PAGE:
8        According to Article 7 of that directive:

‘(1)      Excise duty shall become chargeable at the time, and in the Member State, of release for consumption.

(2)      For the purposes of this Directive, “release for consumption” shall mean any of the following:

(a)      the departure of excise goods, including irregular departure, from a duty suspension arrangement;

(4)      The total destruction or irretrievable loss of excise goods under a duty suspension arrangement, as a result of the actual nature of the goods, of unforeseeable circumstances or force majeure, or as a consequence of authorisation by the competent authorities of the Member State, shall not be considered a release for consumption.

For the purpose of this Directive, goods shall be considered totally destroyed or irretrievably lost when they are rendered unusable as excise goods.

The total destruction or irretrievable loss of the excise goods in question shall be proven to the satisfaction of the competent authorities of the Member State where the total destruction or irretrievable loss occurred or, when it is not possible to determine where the loss occurred, where it was detected.

(5)      Each Member State shall lay down its own rules and conditions under which the losses referred to in paragraph 4 are determined.’

9        Article 11, included in Section 2, entitled ‘Reimbursement and remission’, of Chapter II of Directive 2008/118, provides:

‘In addition to the cases … provided for by the Directives referred to in Article 1, excise duty on excise goods which have been released for consumption may, at the request of a person concerned, be reimbursed or remitted by the competent authorities of the Member State where those goods were released for consumption in the situations fixed by the Member States and in accordance with the conditions that Member States shall lay down for the purpose of preventing any possible evasion or abuse.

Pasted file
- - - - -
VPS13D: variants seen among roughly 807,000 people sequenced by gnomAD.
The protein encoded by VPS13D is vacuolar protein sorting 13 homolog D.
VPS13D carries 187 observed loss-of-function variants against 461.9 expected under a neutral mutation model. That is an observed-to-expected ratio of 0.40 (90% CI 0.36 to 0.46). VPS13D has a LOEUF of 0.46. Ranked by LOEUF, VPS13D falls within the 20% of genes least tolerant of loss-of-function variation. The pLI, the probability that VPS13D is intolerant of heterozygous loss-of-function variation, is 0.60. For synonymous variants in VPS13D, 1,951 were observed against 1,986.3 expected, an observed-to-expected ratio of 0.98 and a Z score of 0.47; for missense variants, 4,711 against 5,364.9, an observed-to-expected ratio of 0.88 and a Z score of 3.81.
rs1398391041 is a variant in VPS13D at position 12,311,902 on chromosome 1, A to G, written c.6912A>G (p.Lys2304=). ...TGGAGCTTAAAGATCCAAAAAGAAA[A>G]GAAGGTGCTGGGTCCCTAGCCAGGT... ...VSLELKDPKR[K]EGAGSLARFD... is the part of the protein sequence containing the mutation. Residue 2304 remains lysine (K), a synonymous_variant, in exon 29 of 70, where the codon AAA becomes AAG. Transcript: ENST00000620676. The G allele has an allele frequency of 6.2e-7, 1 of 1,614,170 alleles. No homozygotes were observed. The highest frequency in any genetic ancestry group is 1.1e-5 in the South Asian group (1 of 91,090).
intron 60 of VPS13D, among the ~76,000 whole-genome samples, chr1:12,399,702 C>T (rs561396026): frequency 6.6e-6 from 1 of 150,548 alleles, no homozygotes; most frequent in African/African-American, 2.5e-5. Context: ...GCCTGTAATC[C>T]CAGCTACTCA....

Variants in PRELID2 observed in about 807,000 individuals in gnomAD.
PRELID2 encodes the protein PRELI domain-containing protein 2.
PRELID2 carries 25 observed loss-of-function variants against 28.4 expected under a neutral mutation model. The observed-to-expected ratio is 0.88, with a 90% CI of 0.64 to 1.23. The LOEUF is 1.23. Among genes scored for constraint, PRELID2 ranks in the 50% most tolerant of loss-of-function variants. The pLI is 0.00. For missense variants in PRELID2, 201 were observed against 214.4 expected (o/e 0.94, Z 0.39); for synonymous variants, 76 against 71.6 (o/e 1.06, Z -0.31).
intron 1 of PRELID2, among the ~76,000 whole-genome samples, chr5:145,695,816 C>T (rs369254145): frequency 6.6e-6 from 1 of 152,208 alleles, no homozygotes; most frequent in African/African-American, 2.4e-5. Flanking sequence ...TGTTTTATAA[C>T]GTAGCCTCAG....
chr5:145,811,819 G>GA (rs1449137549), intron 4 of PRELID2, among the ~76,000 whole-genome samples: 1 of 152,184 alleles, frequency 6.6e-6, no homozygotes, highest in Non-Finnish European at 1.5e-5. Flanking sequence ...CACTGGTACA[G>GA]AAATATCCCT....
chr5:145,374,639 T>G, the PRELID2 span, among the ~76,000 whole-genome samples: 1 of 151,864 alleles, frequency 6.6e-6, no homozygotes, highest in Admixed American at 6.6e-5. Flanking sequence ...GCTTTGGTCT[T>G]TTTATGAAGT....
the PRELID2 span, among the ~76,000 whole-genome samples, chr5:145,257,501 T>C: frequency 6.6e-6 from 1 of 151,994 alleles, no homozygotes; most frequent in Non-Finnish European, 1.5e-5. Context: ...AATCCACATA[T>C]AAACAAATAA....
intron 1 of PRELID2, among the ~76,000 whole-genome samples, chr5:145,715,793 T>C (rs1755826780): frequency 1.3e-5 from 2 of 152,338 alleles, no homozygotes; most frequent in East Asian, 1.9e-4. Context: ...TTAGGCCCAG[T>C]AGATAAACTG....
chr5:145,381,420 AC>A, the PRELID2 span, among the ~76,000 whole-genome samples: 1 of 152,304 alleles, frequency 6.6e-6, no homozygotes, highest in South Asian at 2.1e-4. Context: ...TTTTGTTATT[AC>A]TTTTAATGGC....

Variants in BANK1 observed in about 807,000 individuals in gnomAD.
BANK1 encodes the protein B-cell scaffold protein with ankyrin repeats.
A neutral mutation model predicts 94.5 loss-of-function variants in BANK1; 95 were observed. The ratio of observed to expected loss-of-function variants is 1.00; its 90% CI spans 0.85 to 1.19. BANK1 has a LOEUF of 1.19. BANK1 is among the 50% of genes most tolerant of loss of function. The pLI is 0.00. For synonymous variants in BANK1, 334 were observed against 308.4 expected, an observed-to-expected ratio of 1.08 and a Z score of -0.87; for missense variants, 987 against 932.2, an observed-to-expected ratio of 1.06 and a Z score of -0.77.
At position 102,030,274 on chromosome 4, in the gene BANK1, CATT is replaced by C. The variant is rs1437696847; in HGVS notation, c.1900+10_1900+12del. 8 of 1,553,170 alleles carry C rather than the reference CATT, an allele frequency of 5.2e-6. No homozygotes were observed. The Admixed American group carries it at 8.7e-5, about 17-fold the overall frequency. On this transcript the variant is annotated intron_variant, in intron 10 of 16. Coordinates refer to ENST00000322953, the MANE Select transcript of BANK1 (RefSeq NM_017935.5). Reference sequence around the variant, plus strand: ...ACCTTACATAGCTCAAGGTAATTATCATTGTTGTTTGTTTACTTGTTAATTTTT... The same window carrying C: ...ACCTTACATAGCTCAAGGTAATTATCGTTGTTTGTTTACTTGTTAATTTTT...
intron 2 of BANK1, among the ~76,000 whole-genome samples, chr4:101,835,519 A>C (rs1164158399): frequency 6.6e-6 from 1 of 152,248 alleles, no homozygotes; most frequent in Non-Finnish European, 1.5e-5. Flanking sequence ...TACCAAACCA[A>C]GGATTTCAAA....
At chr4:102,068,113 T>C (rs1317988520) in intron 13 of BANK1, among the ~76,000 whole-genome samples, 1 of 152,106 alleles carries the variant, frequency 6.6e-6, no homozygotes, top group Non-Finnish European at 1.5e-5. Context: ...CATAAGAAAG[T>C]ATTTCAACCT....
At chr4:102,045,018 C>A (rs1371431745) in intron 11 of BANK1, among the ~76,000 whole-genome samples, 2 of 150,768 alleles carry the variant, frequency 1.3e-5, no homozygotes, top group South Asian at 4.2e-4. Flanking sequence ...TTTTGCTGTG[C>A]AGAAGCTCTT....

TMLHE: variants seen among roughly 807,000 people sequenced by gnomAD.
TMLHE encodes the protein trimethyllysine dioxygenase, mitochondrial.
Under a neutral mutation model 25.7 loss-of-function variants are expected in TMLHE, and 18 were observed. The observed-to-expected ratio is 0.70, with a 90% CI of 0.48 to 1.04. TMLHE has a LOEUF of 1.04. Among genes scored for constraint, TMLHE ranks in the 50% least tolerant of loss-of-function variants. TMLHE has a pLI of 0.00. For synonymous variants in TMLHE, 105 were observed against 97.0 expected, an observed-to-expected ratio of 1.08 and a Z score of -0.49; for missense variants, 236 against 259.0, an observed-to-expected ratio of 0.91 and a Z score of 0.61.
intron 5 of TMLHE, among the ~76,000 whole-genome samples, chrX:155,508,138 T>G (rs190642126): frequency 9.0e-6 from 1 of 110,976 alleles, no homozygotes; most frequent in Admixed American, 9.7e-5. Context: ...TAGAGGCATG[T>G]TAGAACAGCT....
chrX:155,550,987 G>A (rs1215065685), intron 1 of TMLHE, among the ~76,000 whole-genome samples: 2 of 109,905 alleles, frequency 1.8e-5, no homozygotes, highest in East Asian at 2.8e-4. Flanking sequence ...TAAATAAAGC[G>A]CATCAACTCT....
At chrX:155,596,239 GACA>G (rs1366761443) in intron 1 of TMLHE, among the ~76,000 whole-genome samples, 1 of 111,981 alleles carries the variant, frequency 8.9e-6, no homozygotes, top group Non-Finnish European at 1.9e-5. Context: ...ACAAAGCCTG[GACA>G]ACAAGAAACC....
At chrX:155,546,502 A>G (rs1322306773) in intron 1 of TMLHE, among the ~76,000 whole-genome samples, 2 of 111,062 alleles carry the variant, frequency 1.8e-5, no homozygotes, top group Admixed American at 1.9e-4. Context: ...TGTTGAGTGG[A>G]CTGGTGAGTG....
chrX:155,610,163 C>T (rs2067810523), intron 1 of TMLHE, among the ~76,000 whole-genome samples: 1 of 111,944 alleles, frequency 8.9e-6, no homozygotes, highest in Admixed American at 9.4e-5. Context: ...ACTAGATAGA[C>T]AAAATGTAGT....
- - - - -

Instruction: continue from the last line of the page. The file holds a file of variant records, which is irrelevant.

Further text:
…’

10      Article 15(2) of that directive provides:

‘The production, processing and holding of excise goods, where the excise duty has not been paid, shall take place in a tax warehouse.’

11      Article 39 of that directive provides:

‘(1)      Without prejudice to Article 7(1), Member States may require that excise goods carry tax markings … at the time when they are released for consumption in their territory …

3.      Without prejudice to any provisions they may lay down in order to ensure that this Article is implemented properly and to prevent any evasion, avoidance or abuse, Member States shall ensure that tax markings … do not create obstacles to the free movement of excise goods.

Where such markings … are affixed to excise goods, any amount paid or guaranteed to obtain such markings or marks, apart from the fees for issuing them, shall be reimbursed, remitted or released by the Member State which issued them if excise duty has become chargeable and has been collected in another Member State.

The Member State which issued these markings or marks may nevertheless subject the reimbursement, remittance or release of the amount paid or guaranteed to the presentation of evidence, to the satisfaction of its competent authorities, that they have been removed or destroyed.